20.1 Trends in Terrestrial Protected Areas and Conservation Areas

Last Updated: 
June 11, 2015

This indicator tracks the amount of land set aside for conservation purposes in terrestrial protected areas and conservation areas, including freshwater. Marine protected areas are reported in indicator 20.3 - Trends in Marine Protected Areas.

The International Union for Conservation of Nature defines a protected area as "a clearly defined geographic space, recognized, dedicated and managed, through legal or other effective means, to achieve the long-term conservation of nature with associated ecosystem services and cultural values1". This definition was applied in selecting protected areas for this report.

The geo-referenced data for this indicator is obtained from the NWT Protected Areas Stategy; Natural Resources Canada; Canada Centre for Remote Sensing;  Atlas of Canada; NWT Centre for Geomatics; Gwich’in Land Use Planning Board; Aboriginal Affairs and Northern Development Canada Comprehensive Claims Branch; Sahtu GIS Project; Sahtu Land Use Planning Board; and, Environment and Natural Resources. The GNWT compiled the data and calculated each reported indicator value.

NWT Focus

Through the Sustainable Development Policy, established in 1997, the GNWT recognizes the need for conservation areas to maintain special values related to wildlife and wildlife habitat; unique or representative ecosystems; prime forests; productive agricultural soils; and,  heritage, recreational, tourism, scientific and aesthetic resources2.

The NWT Protected Areas Strategy, established in 1999, is a partnership among communities, governments, environmental non-governmental organizations and industry. The partners work together to establish protected areas across the NWT3. The goals of the NWT Protected Areas Strategy are to identify and protect:

  • Special natural and cultural areas of the NWT; and,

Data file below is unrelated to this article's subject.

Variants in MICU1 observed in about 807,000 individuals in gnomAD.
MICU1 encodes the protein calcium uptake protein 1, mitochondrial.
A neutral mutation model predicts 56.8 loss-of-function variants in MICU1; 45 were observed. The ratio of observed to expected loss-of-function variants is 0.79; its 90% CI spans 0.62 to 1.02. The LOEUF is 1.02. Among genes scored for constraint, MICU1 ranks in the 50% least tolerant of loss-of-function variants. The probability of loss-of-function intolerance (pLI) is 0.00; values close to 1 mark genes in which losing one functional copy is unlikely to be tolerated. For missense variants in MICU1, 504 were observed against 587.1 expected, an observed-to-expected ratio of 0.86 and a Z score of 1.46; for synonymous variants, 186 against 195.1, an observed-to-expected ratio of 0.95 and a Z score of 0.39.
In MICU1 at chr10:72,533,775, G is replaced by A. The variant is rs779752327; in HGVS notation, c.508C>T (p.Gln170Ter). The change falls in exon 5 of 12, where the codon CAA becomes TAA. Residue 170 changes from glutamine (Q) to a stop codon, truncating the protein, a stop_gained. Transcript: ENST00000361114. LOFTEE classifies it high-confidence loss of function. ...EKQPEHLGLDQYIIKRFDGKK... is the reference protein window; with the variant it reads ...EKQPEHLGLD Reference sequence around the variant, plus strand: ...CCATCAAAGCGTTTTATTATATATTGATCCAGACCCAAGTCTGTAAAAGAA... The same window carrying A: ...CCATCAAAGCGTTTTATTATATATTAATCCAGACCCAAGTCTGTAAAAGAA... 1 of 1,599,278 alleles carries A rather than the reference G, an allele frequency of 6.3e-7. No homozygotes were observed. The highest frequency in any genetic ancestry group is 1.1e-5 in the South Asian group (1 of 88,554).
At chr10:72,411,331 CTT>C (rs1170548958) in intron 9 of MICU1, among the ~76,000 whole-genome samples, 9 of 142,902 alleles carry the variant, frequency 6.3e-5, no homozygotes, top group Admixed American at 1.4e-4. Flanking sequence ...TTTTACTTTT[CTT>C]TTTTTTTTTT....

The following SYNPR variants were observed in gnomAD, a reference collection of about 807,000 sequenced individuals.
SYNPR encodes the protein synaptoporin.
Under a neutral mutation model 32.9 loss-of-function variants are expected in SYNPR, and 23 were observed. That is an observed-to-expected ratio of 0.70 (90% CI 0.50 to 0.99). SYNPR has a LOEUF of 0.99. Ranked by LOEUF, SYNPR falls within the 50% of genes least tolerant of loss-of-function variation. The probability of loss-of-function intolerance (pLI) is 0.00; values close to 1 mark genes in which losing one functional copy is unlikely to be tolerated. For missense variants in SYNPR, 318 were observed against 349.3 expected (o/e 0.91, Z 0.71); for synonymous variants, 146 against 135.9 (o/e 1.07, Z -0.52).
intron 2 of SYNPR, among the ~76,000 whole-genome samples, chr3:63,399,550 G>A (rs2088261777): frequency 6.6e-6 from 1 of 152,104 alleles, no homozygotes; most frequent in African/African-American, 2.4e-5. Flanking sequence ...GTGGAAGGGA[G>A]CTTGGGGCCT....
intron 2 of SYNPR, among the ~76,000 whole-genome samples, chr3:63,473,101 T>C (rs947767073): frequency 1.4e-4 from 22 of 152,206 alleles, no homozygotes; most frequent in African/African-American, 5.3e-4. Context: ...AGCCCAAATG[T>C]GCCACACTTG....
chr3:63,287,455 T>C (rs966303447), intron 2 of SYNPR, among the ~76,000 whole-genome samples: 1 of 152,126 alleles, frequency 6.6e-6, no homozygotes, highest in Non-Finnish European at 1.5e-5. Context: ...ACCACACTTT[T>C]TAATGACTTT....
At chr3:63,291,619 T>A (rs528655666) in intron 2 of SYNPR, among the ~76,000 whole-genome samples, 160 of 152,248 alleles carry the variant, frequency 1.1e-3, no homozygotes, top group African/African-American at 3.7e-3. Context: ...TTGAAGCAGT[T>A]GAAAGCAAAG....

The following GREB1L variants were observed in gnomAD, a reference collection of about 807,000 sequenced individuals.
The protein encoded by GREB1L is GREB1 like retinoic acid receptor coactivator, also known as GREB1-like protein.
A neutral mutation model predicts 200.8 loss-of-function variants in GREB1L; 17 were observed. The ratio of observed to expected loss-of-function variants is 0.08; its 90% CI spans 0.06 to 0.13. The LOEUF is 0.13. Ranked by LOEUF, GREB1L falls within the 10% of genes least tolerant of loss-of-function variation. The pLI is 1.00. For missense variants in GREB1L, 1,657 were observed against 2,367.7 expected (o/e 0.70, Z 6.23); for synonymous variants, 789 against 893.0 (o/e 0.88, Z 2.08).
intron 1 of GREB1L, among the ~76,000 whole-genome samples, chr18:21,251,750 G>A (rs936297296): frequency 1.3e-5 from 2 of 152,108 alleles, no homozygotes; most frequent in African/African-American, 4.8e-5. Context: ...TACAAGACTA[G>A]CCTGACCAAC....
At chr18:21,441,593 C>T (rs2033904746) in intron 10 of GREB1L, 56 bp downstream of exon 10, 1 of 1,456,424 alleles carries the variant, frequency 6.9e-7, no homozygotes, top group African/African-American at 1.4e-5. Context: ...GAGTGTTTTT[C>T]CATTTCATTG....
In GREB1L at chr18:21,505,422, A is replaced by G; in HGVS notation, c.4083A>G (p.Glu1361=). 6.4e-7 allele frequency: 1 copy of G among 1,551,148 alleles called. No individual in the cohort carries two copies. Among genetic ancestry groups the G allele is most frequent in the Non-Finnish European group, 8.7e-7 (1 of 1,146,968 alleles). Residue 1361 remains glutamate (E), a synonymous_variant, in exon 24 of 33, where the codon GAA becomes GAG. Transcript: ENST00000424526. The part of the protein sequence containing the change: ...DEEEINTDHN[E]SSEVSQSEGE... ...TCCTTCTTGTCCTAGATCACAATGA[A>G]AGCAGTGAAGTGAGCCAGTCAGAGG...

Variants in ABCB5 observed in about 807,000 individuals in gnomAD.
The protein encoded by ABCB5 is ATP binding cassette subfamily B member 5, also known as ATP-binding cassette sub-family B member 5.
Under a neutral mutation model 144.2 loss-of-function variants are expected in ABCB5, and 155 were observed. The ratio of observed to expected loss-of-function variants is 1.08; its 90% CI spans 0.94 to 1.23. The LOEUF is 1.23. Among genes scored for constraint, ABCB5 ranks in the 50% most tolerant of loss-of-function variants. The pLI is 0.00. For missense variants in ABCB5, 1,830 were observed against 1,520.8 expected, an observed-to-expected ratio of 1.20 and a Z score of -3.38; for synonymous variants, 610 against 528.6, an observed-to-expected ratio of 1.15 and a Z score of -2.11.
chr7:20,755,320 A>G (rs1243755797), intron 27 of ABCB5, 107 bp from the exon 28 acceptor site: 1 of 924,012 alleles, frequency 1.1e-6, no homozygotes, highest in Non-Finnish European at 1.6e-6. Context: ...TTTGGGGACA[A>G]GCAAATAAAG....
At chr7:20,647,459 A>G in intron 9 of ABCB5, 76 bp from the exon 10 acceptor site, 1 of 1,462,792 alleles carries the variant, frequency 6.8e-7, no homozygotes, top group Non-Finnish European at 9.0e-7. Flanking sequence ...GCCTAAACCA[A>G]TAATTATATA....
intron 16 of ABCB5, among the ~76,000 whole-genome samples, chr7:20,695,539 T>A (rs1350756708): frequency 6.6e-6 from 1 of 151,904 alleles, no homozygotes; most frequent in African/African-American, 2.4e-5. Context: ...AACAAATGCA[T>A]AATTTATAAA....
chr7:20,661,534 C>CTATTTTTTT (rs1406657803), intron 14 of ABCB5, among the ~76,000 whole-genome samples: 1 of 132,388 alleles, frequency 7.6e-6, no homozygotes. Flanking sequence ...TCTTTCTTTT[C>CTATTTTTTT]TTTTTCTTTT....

• Core representative areas within each ecoregion of the NWT, in which resource based development will not be permitted.

An ecoregion is an area defined by similar climate, vegetation, geology and other ecological patterns. There are 46 different ecoregions in the NWT4. For trends in ecological representation see indicator 20.2 - Trends in Ecological Representation. The NWT Protected Areas Strategy does not set a target for the percentage of land that should be protected.

Settled land claims increase capacity and clarify the process for local decision-making, which facilitates local stewardship. In areas with settled land claims, regional land use plans have been prepared. Regional land use plans specify which land use activities are allowed in a given area. Generally, regional land use plans designate some areas where development is prohibited. These areas are Conservation Zones. An approved land use plan is legally binding on all parties. Legislation requires land use plans be reviewed every five years and they can be changed at that time. There is an approved land use plan in place for the Gwich’in Settlement Area and Sahtu Settlement Area, pursuant to the Mackenzie Valley Resource Management Act, and an additional land use plan on Tlicho private lands5,7. A land use planning process is underway in the Dehcho Territory8.